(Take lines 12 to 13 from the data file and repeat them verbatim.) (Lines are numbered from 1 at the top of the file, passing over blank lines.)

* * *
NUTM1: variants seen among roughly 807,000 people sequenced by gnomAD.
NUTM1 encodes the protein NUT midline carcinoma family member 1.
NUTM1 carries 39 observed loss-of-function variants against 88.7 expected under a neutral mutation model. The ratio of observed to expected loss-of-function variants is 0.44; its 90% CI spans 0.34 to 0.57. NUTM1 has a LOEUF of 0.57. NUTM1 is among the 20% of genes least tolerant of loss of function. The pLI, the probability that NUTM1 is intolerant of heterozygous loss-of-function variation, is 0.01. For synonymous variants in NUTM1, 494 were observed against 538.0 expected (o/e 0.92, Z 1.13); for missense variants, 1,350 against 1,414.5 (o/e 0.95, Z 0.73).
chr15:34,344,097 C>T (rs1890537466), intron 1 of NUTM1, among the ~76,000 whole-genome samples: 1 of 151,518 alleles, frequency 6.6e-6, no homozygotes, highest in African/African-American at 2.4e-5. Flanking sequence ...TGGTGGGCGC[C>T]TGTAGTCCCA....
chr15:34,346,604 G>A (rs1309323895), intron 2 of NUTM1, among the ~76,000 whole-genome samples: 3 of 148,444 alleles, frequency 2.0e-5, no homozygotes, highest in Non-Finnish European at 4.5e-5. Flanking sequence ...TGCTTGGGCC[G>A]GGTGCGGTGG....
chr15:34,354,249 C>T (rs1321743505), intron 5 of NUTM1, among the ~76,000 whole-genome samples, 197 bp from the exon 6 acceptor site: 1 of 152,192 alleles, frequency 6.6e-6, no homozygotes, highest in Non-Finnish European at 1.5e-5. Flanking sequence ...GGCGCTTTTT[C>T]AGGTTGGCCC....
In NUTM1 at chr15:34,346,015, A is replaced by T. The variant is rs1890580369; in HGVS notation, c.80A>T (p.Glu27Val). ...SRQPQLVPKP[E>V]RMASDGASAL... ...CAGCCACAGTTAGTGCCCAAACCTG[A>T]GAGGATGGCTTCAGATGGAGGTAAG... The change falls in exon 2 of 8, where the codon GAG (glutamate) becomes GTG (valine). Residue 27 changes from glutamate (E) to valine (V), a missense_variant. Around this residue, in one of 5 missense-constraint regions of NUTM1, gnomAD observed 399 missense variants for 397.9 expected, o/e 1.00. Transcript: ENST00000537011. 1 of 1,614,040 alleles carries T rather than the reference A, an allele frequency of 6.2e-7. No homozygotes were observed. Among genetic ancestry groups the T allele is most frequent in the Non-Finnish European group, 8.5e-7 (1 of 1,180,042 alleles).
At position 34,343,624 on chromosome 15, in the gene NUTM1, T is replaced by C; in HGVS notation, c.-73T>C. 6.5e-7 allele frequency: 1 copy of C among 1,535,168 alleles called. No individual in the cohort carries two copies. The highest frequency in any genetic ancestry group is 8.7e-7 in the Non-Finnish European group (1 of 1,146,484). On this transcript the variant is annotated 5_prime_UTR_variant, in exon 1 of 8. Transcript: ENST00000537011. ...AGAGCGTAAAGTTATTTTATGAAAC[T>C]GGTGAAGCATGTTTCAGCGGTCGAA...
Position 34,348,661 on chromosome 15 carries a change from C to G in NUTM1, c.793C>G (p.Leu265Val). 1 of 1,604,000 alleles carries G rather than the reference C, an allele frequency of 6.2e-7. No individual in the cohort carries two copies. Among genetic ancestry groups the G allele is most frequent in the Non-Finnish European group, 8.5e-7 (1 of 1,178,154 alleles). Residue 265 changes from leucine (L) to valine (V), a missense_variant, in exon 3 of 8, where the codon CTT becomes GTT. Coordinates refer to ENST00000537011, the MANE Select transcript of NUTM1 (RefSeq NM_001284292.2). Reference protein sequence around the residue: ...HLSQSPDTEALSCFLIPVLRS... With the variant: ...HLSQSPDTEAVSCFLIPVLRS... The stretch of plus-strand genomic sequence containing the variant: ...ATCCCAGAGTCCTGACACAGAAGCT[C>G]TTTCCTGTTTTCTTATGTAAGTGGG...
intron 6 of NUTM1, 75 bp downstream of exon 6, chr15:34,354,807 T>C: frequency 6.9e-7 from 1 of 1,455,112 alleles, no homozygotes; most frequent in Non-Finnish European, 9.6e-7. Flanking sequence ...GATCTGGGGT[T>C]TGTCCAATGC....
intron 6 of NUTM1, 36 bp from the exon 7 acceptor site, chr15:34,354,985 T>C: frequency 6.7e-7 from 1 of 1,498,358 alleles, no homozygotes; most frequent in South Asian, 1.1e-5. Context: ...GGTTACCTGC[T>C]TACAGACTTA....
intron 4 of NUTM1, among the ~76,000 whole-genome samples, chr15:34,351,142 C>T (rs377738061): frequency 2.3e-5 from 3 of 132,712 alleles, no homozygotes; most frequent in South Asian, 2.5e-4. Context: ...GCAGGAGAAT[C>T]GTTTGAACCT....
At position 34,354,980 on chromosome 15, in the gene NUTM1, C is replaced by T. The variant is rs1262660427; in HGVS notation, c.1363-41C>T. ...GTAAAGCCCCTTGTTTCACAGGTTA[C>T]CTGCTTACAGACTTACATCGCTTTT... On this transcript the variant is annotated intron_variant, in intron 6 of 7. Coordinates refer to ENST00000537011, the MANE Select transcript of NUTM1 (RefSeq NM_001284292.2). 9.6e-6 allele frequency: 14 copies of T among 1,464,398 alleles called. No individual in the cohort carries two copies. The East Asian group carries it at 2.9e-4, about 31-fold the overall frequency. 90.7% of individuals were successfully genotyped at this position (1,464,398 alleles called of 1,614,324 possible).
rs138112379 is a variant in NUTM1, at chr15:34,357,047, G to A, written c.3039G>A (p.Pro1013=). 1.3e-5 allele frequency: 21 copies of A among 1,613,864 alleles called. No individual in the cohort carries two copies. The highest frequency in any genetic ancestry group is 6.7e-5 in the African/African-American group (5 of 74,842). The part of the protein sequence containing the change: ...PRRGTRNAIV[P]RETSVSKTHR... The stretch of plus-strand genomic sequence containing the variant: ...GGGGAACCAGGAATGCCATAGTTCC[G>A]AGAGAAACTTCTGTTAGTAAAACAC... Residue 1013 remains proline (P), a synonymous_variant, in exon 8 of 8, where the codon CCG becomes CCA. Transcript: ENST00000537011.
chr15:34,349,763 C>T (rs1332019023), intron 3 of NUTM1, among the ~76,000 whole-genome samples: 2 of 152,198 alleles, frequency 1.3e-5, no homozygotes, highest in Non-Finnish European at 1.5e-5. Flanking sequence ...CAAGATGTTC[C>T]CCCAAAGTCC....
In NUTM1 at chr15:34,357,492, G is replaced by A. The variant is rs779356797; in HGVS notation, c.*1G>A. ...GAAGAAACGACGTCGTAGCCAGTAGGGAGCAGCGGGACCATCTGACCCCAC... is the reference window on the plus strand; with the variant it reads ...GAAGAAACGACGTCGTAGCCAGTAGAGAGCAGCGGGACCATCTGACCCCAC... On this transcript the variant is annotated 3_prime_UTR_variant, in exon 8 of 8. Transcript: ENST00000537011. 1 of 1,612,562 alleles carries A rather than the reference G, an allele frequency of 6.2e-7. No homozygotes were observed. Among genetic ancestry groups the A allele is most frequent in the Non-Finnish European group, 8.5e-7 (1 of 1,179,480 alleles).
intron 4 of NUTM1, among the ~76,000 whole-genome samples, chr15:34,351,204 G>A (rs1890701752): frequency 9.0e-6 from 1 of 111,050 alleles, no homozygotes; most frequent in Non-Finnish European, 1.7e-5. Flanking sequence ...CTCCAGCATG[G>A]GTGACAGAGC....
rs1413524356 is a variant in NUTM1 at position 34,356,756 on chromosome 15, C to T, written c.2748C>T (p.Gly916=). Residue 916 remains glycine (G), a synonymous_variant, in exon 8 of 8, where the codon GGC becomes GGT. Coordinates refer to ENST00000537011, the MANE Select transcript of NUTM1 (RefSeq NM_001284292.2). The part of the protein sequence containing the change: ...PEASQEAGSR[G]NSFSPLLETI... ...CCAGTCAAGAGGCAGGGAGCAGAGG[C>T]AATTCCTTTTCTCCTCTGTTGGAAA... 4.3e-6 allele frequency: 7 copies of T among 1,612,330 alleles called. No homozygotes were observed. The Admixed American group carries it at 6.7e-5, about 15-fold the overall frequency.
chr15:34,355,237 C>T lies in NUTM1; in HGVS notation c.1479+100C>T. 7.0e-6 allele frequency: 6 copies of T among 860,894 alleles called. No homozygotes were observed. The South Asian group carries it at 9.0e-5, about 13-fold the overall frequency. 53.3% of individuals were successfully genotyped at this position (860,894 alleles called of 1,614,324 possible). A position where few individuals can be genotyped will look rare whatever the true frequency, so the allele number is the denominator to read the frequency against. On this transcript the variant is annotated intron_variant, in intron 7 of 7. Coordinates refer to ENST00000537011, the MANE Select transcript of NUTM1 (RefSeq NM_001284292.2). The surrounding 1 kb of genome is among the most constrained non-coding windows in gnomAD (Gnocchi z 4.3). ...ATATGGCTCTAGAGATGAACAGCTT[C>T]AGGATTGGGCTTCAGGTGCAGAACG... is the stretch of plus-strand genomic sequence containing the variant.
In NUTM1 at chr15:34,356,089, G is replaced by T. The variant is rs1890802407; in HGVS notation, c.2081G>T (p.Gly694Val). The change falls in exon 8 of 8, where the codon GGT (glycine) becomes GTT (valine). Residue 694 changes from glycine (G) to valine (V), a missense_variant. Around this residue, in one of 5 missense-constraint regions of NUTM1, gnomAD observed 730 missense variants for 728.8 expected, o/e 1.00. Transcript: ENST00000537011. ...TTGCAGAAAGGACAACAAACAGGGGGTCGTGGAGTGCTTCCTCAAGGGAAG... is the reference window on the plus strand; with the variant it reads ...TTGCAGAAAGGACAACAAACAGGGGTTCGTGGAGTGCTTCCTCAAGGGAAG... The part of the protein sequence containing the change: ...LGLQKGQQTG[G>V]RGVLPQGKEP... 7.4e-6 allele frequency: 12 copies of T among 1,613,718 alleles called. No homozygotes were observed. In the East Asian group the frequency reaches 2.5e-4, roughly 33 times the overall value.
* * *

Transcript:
intron 4 of NUTM1, among the ~76,000 whole-genome samples, chr15:34,351,142 C>T (rs377738061): frequency 2.3e-5 from 3 of 132,712 alleles, no homozygotes; most frequent in South Asian, 2.5e-4. Context: ...GCAGGAGAAT[C>T]GTTTGAACCT....
At position 34,354,980 on chromosome 15, in the gene NUTM1, C is replaced by T. The variant is rs1262660427; in HGVS notation, c.1363-41C>T. ...GTAAAGCCCCTTGTTTCACAGGTTA[C>T]CTGCTTACAGACTTACATCGCTTTT... On this transcript the variant is annotated intron_variant, in intron 6 of 7. Coordinates refer to ENST00000537011, the MANE Select transcript of NUTM1 (RefSeq NM_001284292.2). 9.6e-6 allele frequency: 14 copies of T among 1,464,398 alleles called. No individual in the cohort carries two copies. The East Asian group carries it at 2.9e-4, about 31-fold the overall frequency. 90.7% of individuals were successfully genotyped at this position (1,464,398 alleles called of 1,614,324 possible).